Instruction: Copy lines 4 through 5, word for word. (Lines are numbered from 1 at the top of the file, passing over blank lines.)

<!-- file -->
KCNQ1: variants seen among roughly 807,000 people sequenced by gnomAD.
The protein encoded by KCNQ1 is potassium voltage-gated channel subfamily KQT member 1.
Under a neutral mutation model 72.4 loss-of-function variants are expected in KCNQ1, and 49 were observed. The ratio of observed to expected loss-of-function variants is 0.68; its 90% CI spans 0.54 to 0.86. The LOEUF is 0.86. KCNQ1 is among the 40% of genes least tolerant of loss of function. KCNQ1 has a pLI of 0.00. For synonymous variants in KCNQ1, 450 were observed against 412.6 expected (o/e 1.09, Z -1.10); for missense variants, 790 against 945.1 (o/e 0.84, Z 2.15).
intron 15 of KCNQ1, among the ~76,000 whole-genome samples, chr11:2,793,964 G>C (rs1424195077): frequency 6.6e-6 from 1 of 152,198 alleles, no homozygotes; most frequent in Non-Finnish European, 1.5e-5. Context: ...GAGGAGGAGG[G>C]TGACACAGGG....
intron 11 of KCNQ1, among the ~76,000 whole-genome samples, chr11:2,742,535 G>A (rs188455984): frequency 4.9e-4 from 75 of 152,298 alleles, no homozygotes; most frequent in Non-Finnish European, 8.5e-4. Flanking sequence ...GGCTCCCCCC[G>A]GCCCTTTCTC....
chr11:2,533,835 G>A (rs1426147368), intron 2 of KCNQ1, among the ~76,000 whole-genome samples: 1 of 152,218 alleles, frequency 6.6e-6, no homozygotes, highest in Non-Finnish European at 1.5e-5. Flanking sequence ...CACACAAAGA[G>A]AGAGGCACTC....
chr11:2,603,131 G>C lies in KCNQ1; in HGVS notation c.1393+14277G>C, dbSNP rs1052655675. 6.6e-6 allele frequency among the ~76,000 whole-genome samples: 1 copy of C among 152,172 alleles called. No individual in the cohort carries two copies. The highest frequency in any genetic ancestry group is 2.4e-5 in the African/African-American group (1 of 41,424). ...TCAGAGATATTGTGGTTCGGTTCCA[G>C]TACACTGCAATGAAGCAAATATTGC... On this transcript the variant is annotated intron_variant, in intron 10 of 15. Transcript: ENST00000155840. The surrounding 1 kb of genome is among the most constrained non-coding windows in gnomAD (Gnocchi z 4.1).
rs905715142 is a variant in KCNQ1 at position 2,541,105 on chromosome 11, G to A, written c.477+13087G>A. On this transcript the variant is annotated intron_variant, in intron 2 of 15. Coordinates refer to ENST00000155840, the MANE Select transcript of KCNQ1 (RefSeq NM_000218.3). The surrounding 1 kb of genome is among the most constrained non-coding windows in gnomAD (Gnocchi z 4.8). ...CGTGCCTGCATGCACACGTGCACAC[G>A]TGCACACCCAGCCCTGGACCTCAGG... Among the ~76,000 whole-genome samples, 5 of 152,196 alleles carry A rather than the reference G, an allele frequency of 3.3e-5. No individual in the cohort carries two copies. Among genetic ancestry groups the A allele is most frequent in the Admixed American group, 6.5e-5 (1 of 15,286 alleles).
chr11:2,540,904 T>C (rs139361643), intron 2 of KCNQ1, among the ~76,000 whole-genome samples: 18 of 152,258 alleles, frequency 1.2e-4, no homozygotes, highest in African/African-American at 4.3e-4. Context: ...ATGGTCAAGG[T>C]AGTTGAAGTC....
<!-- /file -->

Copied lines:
intron 15 of KCNQ1, among the ~76,000 whole-genome samples, chr11:2,793,964 G>C (rs1424195077): frequency 6.6e-6 from 1 of 152,198 alleles, no homozygotes; most frequent in Non-Finnish European, 1.5e-5. Context: ...GAGGAGGAGG[G>C]TGACACAGGG....
intron 11 of KCNQ1, among the ~76,000 whole-genome samples, chr11:2,742,535 G>A (rs188455984): frequency 4.9e-4 from 75 of 152,298 alleles, no homozygotes; most frequent in Non-Finnish European, 8.5e-4. Flanking sequence ...GGCTCCCCCC[G>A]GCCCTTTCTC....